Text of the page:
DEFINITION: A galactogram is a special X-ray exam that is utilized to evaluate breast fluid. This procedure allows the radiologist to insert a contrast material into the duct in your nipple so it can be seen on a mammogram X-ray more precisely.

WHAT TO EXPECT: For your galactogram, you will be asked to change into a gown. The galactogram procedure will be thoroughly explained to you by one of our medical assistants or technologists and you will have plenty of time to have all of your questions answered.

You will be asked to lie down on an exam table. During the procedure, your doctor will first sterilize the skin area with rubbing alcohol or iodine. The radiologist will apply manual pressure to the breast to elicit the fluid discharge from the duct. Once the discharge duct is indentified, the radiologist will insert a tiny hollow catheter into the duct of interest and inject a contrast dye. Our radiologists will take special care to make sure you are as comfortable as possible during the procedure. You will then be taken to a mammography machine, where images will be acquired of your breast with the contrast dye in place. When the exam is complete, the catheter will be removed. Gauze is typically placed over the nipple afterwards, as you will have a small amount of discharge from the contrast. This procedure usually takes about an hour.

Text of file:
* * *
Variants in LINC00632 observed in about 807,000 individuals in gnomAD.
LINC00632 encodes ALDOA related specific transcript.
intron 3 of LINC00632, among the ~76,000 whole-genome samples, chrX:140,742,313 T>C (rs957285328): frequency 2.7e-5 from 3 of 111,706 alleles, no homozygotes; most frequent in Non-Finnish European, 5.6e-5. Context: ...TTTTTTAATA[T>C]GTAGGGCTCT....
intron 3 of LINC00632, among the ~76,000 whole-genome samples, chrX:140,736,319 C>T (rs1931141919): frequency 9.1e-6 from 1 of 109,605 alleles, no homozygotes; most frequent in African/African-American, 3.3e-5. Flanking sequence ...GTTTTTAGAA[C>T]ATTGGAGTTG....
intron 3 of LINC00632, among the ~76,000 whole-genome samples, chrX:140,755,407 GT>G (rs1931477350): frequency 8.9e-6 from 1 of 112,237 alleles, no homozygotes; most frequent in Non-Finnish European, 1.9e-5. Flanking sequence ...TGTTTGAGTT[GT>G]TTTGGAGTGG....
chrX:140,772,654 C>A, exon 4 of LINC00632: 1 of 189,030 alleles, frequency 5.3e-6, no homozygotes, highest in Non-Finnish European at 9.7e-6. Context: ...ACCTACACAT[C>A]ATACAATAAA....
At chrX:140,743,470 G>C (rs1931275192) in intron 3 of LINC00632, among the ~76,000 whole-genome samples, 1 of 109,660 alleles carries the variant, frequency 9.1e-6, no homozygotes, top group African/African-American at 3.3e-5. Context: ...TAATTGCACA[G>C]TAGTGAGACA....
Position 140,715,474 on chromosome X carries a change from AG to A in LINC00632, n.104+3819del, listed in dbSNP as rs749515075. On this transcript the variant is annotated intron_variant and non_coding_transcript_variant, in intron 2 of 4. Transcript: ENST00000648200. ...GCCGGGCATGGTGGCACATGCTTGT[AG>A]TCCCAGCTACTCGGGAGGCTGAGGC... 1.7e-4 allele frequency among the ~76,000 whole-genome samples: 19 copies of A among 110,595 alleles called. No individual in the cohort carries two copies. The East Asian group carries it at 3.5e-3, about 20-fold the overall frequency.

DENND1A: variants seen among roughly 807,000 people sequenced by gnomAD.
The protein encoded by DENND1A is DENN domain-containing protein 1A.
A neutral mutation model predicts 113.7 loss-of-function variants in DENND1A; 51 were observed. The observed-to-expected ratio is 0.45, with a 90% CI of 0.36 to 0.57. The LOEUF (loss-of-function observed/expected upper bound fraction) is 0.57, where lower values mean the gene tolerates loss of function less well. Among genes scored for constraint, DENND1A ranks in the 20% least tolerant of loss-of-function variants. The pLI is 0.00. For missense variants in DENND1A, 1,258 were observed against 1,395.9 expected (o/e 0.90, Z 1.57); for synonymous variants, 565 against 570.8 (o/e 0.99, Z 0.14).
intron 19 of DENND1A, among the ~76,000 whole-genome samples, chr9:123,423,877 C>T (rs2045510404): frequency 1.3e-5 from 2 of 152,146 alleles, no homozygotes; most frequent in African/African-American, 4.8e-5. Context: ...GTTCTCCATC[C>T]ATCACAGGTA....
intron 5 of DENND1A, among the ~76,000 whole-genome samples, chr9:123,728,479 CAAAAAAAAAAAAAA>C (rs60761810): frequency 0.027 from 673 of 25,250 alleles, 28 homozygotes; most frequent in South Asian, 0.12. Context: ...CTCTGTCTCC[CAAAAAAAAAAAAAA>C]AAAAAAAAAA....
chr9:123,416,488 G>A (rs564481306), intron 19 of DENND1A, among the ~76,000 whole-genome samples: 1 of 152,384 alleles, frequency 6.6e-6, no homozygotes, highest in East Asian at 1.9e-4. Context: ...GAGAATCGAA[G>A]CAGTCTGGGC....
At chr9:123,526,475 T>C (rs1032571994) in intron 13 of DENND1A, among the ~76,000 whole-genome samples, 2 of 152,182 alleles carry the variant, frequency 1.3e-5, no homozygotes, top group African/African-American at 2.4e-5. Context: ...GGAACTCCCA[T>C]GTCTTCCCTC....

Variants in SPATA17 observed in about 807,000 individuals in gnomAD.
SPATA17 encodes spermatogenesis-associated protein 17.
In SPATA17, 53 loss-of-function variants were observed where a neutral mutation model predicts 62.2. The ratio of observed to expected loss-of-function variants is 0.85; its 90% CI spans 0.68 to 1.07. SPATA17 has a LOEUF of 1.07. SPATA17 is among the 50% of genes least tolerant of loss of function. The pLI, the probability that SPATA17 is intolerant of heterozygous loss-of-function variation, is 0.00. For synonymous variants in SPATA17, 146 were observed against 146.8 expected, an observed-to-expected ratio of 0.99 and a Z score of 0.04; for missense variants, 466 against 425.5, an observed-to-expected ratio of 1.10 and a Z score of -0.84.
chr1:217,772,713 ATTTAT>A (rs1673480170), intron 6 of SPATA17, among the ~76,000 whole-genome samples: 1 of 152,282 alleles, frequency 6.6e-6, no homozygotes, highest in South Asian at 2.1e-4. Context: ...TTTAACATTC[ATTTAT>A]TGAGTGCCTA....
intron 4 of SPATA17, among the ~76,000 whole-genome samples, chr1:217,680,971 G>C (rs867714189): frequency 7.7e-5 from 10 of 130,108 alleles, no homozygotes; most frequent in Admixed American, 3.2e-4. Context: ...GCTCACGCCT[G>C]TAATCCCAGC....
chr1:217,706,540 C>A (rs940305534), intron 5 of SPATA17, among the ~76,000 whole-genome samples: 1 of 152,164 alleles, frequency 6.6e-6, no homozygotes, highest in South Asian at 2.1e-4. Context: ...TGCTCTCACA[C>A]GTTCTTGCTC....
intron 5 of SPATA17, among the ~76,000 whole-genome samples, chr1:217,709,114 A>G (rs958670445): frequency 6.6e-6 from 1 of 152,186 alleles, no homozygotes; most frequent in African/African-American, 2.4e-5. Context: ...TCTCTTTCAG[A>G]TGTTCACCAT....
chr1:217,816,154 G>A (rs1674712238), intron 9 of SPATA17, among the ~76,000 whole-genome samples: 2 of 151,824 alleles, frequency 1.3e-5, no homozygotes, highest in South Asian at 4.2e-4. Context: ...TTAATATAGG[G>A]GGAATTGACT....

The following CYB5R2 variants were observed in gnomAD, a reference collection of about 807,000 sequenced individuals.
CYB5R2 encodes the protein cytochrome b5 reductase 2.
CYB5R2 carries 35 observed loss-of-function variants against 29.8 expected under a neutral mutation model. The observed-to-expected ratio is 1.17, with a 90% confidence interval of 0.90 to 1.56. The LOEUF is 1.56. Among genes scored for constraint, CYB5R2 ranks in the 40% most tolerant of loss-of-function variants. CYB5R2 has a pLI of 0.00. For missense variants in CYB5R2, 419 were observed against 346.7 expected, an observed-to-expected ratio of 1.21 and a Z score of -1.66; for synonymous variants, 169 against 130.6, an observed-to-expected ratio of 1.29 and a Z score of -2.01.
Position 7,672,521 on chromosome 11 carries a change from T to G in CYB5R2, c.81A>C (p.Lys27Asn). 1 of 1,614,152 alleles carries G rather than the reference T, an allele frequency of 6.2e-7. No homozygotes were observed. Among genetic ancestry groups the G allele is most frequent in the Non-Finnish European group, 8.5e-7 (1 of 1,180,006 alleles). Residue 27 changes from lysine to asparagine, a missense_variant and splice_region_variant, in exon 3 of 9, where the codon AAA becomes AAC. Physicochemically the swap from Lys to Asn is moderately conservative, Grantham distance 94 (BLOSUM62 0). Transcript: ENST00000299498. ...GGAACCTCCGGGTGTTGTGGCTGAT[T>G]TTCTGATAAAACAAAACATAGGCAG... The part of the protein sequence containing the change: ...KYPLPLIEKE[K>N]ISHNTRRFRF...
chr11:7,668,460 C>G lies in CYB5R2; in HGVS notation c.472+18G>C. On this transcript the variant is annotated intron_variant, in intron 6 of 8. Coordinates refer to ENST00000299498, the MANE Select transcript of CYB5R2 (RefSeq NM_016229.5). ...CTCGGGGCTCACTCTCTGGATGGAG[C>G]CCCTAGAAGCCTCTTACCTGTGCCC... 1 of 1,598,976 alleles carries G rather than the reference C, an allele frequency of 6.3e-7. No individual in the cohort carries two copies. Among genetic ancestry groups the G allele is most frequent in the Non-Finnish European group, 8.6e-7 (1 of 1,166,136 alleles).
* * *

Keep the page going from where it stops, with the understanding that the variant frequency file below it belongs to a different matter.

HOW YOU CAN PREPARE: Please tell your doctor if you are taking any medications or have any allergies. Do not take any analgesics, vitamin E or blood thinners for seven days prior to your biopsy. Please let our staff know if you are pregnant or think you may be pregnant. Please bring any previous imaging studies with you from institutions other than Mount Sinai.

RESULTS: Our specially trained radiologists will interpret your images and prepare a diagnostic report that will be shared with your referring physician or primary care doctor. Your doctor will then share the results with you and discuss further care.